"Without [more stimulus], things are probably going to either get worse, or we're going to travel along at this high unemployment rate for quite a while," says Nersisyan. "So having something like what we had after the Great Recession, maybe even worse, because of the social distancing requirements and what that does to the economy."
Another factor to consider is that unemployment benefits will start to run out for millions of people. "So we hear a lot about the extra $600," Nersisyan notes. "Are people going to get it, or is Congress going to do it or not? But a more important question is whether we will extend the period over which people can collect unemployment. It depends on the state. From 13 to 26 weeks, that's how long unemployed people can collect unemployment. And for many of them, I think, by the end of the year, it's going to run out. For those that it doesn't, maybe early next spring, that's when it's going to run out."
Without an extension to unemployment benefit, people would receive nothing. "After the Great Recession, for example, Congress acted a few times to extend the unemployment benefits," Nersisyan recalls. "So people could collect them for a longer period of time, because the unemployment rate was very high for quite a while. So they need to do something like that."
State and local governments are also in big trouble. To operate, they depend on revenue from sales and property taxes. But every state, except Vermont, has to balance its budget. "Well, sales tax revenues are falling [and] property tax revenue will probably be affected as well," says Nersisyan. "So then their revenues are falling. They're going to start laying off people, cutting services... education, policing, firefighters, those kind of services that state and local governments provide. There are also a lot of contractors that typically work for state and local governments, through the infrastructure projects and the like. And they're probably not going to have those projects, either."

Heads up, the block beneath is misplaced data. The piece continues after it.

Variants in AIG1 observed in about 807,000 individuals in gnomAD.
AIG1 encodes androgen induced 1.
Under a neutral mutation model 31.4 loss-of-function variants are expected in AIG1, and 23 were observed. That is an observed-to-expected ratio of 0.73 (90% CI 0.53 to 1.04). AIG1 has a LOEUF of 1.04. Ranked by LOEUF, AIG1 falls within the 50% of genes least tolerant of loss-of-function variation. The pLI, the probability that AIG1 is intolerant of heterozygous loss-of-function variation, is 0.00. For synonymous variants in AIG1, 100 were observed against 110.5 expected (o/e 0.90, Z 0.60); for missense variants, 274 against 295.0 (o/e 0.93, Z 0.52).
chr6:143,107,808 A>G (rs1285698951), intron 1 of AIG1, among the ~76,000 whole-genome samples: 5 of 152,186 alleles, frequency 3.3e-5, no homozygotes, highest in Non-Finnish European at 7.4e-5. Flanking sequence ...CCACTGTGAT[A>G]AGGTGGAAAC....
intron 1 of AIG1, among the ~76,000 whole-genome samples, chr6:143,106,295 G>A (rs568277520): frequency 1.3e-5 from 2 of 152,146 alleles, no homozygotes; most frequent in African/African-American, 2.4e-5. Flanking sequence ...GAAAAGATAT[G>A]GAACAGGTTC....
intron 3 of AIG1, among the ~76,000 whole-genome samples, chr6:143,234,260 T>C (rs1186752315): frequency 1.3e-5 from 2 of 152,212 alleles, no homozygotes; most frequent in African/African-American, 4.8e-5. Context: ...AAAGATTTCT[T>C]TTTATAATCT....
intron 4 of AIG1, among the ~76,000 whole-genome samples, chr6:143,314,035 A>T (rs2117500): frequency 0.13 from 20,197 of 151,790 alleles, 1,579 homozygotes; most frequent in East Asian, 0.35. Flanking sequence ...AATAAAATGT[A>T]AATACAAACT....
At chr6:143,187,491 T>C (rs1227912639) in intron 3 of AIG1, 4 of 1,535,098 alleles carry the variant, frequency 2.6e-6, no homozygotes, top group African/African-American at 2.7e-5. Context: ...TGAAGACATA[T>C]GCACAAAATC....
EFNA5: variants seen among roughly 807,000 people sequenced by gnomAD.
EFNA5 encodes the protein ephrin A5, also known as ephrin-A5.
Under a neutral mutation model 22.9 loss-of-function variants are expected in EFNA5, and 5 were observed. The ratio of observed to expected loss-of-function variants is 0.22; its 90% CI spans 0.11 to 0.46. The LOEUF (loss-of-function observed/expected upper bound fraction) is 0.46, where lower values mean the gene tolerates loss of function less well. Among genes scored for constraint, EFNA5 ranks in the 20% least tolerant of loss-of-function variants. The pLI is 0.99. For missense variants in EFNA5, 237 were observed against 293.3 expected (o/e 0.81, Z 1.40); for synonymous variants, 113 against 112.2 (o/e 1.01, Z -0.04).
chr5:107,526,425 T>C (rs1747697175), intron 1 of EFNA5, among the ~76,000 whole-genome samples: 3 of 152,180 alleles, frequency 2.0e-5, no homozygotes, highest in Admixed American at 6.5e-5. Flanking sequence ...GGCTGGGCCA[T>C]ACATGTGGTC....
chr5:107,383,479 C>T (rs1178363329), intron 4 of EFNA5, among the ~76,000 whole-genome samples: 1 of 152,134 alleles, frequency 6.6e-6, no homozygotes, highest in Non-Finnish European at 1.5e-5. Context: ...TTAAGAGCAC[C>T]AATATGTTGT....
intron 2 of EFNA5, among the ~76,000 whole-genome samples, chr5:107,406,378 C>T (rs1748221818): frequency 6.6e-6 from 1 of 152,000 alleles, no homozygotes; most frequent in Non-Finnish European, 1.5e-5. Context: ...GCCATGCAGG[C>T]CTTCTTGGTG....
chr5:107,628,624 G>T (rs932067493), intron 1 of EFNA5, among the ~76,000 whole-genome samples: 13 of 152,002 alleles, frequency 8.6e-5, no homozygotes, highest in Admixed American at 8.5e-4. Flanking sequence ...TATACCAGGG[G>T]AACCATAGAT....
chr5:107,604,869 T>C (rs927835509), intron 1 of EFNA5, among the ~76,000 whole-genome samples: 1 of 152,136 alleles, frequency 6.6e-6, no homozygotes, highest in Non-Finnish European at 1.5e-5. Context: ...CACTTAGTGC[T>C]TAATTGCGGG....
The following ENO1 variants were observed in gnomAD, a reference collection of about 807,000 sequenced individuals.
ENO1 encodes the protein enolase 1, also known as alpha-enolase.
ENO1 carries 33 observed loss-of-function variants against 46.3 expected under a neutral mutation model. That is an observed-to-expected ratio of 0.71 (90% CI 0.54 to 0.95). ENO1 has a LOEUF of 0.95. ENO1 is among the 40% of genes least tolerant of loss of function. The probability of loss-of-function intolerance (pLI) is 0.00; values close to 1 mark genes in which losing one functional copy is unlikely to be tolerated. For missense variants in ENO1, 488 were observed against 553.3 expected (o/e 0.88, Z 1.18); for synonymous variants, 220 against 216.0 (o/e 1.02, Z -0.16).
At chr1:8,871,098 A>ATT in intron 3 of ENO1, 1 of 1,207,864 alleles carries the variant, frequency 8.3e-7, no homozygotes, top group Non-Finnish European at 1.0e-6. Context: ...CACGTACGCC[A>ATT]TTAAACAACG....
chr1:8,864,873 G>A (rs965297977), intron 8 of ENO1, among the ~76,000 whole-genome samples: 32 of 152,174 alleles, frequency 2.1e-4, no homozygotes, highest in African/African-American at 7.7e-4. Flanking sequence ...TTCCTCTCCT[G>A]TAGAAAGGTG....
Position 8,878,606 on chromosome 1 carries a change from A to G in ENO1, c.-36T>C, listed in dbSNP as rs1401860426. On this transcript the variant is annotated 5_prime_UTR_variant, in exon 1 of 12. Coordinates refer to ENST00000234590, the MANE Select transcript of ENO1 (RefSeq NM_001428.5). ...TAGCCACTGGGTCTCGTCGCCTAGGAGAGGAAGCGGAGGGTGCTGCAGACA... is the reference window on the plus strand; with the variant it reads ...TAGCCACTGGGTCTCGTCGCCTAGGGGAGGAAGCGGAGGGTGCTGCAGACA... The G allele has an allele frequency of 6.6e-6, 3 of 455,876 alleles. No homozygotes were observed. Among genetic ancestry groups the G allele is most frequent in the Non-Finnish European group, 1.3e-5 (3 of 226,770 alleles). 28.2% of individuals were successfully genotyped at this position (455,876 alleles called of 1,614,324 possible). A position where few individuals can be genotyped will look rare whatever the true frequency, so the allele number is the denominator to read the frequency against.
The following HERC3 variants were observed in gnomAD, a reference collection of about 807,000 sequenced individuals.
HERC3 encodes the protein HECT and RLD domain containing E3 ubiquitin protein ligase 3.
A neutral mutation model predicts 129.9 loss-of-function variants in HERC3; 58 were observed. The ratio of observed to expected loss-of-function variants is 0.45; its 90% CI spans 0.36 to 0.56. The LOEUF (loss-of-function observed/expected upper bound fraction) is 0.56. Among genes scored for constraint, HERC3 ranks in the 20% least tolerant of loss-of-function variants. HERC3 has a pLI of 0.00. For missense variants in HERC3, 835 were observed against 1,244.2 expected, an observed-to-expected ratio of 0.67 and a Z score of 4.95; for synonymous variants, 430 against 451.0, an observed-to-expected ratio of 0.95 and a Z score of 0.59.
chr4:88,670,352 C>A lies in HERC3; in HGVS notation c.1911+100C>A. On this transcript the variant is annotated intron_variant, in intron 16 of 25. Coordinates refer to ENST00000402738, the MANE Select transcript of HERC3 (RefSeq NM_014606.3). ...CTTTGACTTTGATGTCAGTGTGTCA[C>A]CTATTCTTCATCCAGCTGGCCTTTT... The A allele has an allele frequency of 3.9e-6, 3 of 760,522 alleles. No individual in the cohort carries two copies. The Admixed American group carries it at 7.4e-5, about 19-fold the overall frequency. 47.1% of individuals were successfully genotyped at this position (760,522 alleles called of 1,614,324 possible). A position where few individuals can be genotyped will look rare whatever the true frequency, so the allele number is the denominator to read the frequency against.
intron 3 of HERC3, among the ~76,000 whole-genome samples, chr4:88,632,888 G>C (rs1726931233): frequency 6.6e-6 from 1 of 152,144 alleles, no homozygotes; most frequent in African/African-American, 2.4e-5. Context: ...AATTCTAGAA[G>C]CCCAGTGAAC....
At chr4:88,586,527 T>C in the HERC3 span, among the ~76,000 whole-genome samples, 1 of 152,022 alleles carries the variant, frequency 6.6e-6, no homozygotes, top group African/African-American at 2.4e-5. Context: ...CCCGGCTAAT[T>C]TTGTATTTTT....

Without another round of stimulus, a double-dip recession is likely unavoidable. "What happens in a recession is spending goes down," says Nersisyan. "Firms stop investing. Investment is an expenditure, it's basically one firm buying equipment from another firm. That's paying the wages of those workers. It's paying for raw materials."
And then consumption follows. But what if it doesn't?
"If there's not a lot of investment, there are not a lot of orders for equipment," Nersisyan continues. "Then the company producing that equipment will probably cut back on production and lay off workers. So these workers stop consuming. And then they were buying lunches and groceries and so on. So, these other businesses get affected, and you have this ripple effect throughout the economy."
In recent months, spending made possible by stimulus checks, unemployment benefits and paycheck protection had been propping up the economy. "But once those run out, that private sector spending is going to go down," Nersisyan says. "So, if there's no unemployment benefits, then the people who were relied on to consume, they're going to consume a lot less. And that then means firms who were selling them output will get a lot less revenue. They'll start firing workers and so on. It becomes a vicious cycle, basically."